Youth Intervention Services
The Bureau of Youth Intervention Services strives to offer prevention, diversion, intervention, and treatment services targeting youth to support families in crisis, prevent juvenile delinquency, encourage academic achievement and to divert youth at risk of involvement in the child welfare or juvenile justice or correctional systems.
The Department makes investments in several programs targeting at-risk youth throughout the state in partnership with local communities and community based organizations to provide 24/7 crisis intervention services for youth and families; to provide after-school programming; and to provide comprehensive, individualized assessments and case management services for high-risk youth all designed to:
- to ensure the safety of youth
- to reunify and preserve families
- to reduce homelessness among youth
- to support and encourage academic achievement
- to decrease risk factors and increase protective factors in youth
- to reduce juvenile incarceration
- and to divert youth at risk of involvement in the child welfare, and juvenile justice systems.
Performance Measures/Outcomes - Highlights
- In FY14, 100% of youth receiving crisis intervention services received a Safety Screen and a Crisis Stabilization Plan; 93% of Homeless Youth served received an emergency/safety screen; and 99.89% of youth in Teen REACH afterschool programming were safe from violence during program hours.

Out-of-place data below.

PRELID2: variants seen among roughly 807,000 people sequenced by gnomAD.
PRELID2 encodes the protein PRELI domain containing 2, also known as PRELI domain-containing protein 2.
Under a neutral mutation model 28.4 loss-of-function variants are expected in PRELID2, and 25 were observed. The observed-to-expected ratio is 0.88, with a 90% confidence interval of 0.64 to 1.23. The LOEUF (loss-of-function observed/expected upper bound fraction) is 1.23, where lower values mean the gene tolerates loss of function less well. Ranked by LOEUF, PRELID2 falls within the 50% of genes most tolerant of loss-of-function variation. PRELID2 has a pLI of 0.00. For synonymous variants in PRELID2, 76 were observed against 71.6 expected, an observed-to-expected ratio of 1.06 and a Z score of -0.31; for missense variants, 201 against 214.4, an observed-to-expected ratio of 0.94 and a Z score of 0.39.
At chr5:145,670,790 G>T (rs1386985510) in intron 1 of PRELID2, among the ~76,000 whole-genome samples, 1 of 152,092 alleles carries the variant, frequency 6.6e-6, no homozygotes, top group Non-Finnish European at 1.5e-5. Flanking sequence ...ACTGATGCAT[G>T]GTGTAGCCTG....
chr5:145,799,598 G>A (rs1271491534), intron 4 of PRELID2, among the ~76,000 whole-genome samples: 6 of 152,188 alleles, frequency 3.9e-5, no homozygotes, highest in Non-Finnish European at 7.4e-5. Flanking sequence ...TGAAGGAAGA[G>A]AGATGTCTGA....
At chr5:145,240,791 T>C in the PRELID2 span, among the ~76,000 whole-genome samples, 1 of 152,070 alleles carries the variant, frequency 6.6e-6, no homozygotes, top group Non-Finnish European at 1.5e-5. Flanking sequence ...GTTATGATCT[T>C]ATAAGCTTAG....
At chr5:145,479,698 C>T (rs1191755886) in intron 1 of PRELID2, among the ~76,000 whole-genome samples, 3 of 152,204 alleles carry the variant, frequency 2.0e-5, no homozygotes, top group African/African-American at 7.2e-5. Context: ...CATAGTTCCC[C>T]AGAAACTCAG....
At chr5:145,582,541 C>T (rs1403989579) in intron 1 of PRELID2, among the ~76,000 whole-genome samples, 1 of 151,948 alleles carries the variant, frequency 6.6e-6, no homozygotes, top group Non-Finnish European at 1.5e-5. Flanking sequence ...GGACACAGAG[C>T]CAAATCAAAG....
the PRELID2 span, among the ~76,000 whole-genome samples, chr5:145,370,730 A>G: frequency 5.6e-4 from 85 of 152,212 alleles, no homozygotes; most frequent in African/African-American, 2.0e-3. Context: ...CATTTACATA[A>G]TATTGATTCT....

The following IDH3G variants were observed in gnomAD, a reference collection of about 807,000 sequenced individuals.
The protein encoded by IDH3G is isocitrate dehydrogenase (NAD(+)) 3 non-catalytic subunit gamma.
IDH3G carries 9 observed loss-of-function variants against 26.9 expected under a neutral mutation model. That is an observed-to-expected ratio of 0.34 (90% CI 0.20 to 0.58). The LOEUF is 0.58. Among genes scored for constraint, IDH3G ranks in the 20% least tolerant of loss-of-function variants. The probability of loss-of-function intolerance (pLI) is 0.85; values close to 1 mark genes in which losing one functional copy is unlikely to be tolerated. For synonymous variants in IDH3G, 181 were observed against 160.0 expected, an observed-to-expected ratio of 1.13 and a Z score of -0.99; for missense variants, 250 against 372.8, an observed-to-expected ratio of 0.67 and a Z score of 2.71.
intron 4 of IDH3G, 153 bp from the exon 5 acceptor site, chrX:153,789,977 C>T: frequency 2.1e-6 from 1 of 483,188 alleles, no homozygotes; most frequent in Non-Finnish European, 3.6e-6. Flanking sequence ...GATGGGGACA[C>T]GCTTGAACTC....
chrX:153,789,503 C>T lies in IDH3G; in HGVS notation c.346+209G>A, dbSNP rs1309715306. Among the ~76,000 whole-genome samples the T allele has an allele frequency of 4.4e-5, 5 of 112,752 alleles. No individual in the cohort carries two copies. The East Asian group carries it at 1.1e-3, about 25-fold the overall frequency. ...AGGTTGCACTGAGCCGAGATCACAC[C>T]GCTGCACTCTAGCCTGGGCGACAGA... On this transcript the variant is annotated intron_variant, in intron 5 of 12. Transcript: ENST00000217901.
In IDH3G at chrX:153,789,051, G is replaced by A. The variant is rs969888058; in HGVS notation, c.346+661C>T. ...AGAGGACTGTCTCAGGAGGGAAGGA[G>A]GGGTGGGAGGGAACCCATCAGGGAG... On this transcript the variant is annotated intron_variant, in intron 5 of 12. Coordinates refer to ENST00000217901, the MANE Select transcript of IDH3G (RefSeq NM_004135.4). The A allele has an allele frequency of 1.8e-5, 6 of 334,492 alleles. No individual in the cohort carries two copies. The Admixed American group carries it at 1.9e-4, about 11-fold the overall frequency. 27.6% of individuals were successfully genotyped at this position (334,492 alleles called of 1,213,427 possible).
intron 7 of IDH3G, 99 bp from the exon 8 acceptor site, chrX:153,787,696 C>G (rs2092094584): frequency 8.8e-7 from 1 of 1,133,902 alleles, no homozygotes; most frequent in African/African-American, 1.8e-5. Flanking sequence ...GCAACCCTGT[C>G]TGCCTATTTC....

- In FY14, 89.6% of youth served in the Comprehensive Community Based Youth Services (CCBYS) program were in a Family/long term stable living arrangement at case closure. 54% of all Homeless Youth served were in a family placement at program exit.
- In FY14, 73% of Homeless Youth (emergency shelter/interim housing/transitional living) exited the program to stable housing. 82% of Homeless Youth (transitional living) exited the program employed and/or enrolled in school.
- In FY14, 97.9% of seniors in Teen REACH after-school programs graduated high school while 98.4% of all Teen REACH participants were promoted to the next grade level or graduated.
- In FY14, 78.4% of assessed CCBYS youth had decreased risk factors and 78.3% had increased protective factors. 62% of assessed Redeploy Illinois youth had decreased risk factors and 59% had increased protective factors.
- In 2012 (latest IDJJ data), Redeploy Illinois programs in 28 counties reduced commitments to the Illinois Department of Juvenile Justice (IDJJ) by a combined 67% from the baseline. This equates to 238 fewer youth sent to IDJJ from these counties in 2012 saving Illinois taxpayers an estimated $11.7 million in unnecessary incarceration costs. A 5-year study released in 2013 found that 61% of Redeploy youth successfully completing the program were not incarcerated within the following 3 years compared to 34% of unsuccessful Redeploy youth - a 27% lower recidivism rate for successful youth. In FY2014, 76% of Redeploy youth successfully completed the program.